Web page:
Using a Smartphone App and Clinician Portal to Enhance Brief Cognitive Behavioral Therapy for Childhood Anxiety Disorders
AuthorSilk, Jennifer S.
Sequeira, Stefanie L.
Kendall, Philip C.
DepartmentPsychology and Neuroscience
SubjectChild anxiety treatment
Egological momentary intervention
Cognitive behavioral therapy
Permanent link to this recordhttp://hdl.handle.net/20.500.12613/7953
MetadataShow full item record
AbstractCognitive behavioral therapy (CBT) is an efficacious treatment for child anxiety disorders, but 40-50% of youth do not respond fully to treatment, and time commitments for standard CBT can be prohibitive for some families and lead to long waiting lists for trained CBT therapists in the community. SmartCAT 2.0 is an adjunctive mobile health program designed to improve and shorten CBT treatment for anxiety disorders in youth by providing them with the opportunity to practice CBT skills outside of session using an interactive and gamified interface. It consists of an app and an integrated clinician portal connected to the app for secure 2-way communication with the therapist. The goal of the present study was to evaluate SmartCAT 2.0 in an open trial to establish usability, feasibility, acceptability, and preliminary efficacy of brief (8 sessions) CBT combined with SmartCAT. We also explored changes in CBT skills targeted by the app. Participants were 34 youth (ages 9-14) who met DSM-5 criteria for generalized, separation, and/or social anxiety disorder. Results demonstrated strong feasibility and usability of the app/portal and high satisfaction with the intervention. Youth used the app an average of 12 times between each therapy session (M = 5.8 mins per day). At post-treatment, 67% of youth no longer met diagnostic criteria for an anxiety disorder, with this percentage increasing to 86% at two-month follow-up. Youth showed reduced symptom severity over time across raters and also improved from pre- to post-treatment in CBT skills targeted by the app, demonstrating better emotion identification and thought challenging and reductions in avoidance. Findings support the feasibility of combining brief CBT with SmartCAT. Although not a controlled trial, when benchmarked against the literature, the current findings suggest that SmartCAT may enhance the utility of brief CBT for childhood anxiety disorders. This paper is currently in press in Behavior Therapy.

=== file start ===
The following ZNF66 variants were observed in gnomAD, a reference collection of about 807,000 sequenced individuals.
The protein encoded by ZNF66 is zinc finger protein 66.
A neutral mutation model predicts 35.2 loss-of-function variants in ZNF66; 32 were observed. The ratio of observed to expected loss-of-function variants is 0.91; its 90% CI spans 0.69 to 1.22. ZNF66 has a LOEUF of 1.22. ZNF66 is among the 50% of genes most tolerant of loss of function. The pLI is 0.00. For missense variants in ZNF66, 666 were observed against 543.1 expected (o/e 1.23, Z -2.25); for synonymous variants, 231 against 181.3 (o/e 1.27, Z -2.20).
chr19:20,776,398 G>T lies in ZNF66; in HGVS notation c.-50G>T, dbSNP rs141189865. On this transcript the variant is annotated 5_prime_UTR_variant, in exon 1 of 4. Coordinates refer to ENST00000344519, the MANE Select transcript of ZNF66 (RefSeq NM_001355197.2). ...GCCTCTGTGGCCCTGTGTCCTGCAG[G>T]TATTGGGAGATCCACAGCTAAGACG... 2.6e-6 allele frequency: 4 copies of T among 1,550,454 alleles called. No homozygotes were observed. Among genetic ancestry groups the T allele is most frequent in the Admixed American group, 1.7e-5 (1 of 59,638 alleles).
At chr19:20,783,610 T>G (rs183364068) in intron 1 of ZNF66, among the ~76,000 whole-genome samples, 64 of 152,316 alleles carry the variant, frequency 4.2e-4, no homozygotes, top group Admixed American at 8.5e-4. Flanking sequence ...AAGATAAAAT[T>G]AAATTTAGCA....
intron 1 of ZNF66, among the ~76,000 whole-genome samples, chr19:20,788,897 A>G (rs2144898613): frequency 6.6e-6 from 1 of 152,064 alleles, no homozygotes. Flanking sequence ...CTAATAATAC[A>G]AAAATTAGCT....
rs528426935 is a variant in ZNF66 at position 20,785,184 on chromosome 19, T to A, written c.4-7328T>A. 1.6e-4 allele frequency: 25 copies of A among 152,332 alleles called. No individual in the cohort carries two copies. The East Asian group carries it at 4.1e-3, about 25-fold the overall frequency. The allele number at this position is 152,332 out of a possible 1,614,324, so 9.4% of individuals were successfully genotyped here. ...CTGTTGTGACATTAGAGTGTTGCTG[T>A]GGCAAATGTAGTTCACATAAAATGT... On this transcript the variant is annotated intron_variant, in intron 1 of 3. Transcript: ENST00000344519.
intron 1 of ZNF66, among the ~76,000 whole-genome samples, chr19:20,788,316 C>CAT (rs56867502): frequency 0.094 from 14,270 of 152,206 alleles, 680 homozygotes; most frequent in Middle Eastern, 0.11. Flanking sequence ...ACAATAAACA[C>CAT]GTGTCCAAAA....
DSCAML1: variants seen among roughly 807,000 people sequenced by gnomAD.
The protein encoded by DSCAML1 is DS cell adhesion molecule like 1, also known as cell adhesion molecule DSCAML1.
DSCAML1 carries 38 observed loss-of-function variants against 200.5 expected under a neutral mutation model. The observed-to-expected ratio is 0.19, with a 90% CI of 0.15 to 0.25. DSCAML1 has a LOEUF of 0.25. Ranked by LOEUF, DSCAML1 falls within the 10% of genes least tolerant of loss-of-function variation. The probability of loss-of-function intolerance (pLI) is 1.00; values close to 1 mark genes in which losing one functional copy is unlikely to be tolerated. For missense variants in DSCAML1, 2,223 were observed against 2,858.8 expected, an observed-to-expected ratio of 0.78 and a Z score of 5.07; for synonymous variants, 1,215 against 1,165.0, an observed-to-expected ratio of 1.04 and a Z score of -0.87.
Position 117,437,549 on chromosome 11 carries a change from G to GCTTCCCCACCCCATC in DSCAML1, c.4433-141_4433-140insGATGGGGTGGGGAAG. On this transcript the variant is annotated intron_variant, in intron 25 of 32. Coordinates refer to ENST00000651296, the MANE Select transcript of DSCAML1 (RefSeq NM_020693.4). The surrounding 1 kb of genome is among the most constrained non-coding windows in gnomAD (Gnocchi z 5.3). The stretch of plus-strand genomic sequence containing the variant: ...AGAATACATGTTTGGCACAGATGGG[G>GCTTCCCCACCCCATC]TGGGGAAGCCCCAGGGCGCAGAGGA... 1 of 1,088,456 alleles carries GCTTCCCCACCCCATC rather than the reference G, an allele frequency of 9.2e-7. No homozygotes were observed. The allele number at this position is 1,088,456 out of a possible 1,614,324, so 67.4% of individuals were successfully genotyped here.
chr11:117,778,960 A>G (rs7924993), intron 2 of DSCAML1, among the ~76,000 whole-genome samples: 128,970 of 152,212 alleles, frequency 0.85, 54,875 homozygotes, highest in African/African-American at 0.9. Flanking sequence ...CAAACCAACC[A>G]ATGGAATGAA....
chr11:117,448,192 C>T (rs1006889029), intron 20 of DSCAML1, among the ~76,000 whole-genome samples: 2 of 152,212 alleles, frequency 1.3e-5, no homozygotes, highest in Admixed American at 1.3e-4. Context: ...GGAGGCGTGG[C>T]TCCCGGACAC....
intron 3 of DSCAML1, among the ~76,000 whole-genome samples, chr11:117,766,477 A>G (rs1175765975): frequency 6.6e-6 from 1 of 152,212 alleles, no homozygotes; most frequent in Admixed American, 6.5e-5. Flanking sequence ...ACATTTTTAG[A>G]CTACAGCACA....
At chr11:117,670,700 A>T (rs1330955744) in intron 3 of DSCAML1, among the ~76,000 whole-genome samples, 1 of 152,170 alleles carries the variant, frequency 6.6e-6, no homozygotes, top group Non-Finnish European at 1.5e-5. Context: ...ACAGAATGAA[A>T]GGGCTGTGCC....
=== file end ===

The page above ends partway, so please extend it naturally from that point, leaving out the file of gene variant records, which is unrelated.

CitationSilk, J. S., Pramana, G., Sequeira, S., Lindhiem, O., Kendall, P. C., Rosen, D., & Parmanto, B. (2019). Using a Smartphone App and Clinician Portal to Enhance Brief Cognitive Behavioral Therapy for Childhood Anxiety Disorders. Behavior Therapy, 51(1), 69-84. https://doi.org/10.1016/j.beth.2019.05.002
Citation to related workElsevier
© This manuscript version is made available under the CC-BY-NC-ND 4.0 license https://creativecommons.org/licenses/by-nc-nd/4.0/
Has partBehavior Therapy, Vol. 51, Iss. 1
ADA complianceFor Americans with Disabilities Act (ADA) accommodation, including help with reading this content, please contact firstname.lastname@example.org
Except where otherwise noted, this item's license is described as Attribution-NonCommercial CC BY-NC